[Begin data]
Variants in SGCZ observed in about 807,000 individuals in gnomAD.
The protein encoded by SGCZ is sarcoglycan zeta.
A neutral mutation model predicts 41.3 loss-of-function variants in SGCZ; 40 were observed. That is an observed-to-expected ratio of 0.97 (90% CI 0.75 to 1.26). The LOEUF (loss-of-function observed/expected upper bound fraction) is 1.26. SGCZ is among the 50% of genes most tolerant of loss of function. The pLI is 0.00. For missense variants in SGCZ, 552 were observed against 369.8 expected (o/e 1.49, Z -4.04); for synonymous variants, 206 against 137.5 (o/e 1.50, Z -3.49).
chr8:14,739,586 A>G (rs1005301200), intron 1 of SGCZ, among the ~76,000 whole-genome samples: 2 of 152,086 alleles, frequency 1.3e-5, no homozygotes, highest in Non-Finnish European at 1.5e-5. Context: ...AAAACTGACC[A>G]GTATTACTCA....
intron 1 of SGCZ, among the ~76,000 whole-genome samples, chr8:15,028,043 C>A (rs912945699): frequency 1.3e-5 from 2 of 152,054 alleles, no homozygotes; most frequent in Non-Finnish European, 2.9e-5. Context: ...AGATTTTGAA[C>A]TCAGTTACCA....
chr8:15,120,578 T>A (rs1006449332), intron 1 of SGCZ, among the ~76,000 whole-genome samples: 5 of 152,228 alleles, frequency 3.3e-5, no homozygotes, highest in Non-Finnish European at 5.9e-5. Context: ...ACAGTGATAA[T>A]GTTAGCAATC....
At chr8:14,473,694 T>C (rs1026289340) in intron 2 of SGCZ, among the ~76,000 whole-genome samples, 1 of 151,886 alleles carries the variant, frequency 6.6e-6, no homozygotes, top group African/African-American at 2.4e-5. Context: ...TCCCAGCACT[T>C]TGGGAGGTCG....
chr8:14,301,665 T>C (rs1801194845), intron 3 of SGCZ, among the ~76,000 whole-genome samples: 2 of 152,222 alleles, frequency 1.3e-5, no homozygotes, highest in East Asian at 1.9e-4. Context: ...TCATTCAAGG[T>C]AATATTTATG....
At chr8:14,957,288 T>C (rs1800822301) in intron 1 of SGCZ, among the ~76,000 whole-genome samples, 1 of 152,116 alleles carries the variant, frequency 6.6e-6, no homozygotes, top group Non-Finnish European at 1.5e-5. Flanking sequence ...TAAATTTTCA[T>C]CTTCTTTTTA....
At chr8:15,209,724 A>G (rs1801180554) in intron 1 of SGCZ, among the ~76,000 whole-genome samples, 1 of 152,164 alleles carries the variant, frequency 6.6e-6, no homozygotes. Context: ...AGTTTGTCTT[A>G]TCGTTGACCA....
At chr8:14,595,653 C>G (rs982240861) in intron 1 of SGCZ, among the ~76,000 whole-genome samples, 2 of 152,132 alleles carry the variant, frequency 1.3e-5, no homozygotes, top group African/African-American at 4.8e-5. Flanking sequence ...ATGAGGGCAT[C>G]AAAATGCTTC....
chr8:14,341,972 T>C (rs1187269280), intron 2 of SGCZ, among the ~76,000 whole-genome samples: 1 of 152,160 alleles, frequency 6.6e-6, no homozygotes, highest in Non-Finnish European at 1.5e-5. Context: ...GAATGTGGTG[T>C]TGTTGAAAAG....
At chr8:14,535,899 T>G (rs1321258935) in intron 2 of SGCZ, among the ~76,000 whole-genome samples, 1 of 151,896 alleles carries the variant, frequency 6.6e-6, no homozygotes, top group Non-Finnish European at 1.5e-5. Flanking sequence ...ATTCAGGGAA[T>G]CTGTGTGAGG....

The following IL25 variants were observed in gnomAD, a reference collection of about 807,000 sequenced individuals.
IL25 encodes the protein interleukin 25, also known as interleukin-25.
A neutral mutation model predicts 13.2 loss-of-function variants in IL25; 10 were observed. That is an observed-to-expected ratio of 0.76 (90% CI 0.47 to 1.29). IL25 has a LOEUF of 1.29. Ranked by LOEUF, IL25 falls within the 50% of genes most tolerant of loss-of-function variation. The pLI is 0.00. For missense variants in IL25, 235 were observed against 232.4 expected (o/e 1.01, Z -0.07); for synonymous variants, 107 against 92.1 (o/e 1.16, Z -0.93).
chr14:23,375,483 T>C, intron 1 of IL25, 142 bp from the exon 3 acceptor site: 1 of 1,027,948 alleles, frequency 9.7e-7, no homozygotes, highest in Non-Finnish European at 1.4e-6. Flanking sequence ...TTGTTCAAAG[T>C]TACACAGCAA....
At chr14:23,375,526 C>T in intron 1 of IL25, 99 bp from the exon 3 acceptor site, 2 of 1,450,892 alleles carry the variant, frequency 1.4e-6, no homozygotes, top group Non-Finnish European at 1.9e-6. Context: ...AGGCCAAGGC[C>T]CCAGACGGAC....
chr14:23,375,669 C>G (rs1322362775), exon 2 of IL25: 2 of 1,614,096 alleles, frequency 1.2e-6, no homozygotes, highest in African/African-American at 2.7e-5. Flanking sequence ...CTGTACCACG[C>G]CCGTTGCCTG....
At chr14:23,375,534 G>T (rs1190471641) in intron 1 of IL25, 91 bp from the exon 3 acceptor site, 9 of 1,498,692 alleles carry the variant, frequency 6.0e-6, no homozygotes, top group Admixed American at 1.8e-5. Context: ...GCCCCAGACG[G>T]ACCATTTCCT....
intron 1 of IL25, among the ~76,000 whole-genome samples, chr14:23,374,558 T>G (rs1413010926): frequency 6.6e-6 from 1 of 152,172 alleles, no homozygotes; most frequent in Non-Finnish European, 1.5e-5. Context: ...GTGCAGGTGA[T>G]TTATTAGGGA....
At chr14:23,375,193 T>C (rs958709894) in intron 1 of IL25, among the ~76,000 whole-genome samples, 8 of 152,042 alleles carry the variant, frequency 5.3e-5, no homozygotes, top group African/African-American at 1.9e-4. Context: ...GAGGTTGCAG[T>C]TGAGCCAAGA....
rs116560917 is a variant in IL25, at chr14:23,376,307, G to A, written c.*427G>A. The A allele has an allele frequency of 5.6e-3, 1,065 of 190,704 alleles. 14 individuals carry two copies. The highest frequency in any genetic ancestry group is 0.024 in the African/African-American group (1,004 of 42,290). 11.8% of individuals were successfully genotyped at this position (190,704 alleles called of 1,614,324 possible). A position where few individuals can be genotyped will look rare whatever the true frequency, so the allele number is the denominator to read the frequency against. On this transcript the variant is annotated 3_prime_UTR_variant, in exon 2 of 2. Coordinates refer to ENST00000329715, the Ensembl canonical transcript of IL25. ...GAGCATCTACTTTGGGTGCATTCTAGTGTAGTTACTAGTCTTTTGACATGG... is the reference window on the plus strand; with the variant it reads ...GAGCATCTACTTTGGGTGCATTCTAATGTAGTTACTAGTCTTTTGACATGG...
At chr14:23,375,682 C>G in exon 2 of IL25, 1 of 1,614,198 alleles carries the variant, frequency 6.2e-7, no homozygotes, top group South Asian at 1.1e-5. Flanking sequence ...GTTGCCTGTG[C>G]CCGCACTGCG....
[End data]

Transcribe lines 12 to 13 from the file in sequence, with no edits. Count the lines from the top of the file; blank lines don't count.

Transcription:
chr8:14,341,972 T>C (rs1187269280), intron 2 of SGCZ, among the ~76,000 whole-genome samples: 1 of 152,160 alleles, frequency 6.6e-6, no homozygotes, highest in Non-Finnish European at 1.5e-5. Context: ...GAATGTGGTG[T>C]TGTTGAAAAG....
At chr8:14,535,899 T>G (rs1321258935) in intron 2 of SGCZ, among the ~76,000 whole-genome samples, 1 of 151,896 alleles carries the variant, frequency 6.6e-6, no homozygotes, top group Non-Finnish European at 1.5e-5. Flanking sequence ...ATTCAGGGAA[T>G]CTGTGTGAGG....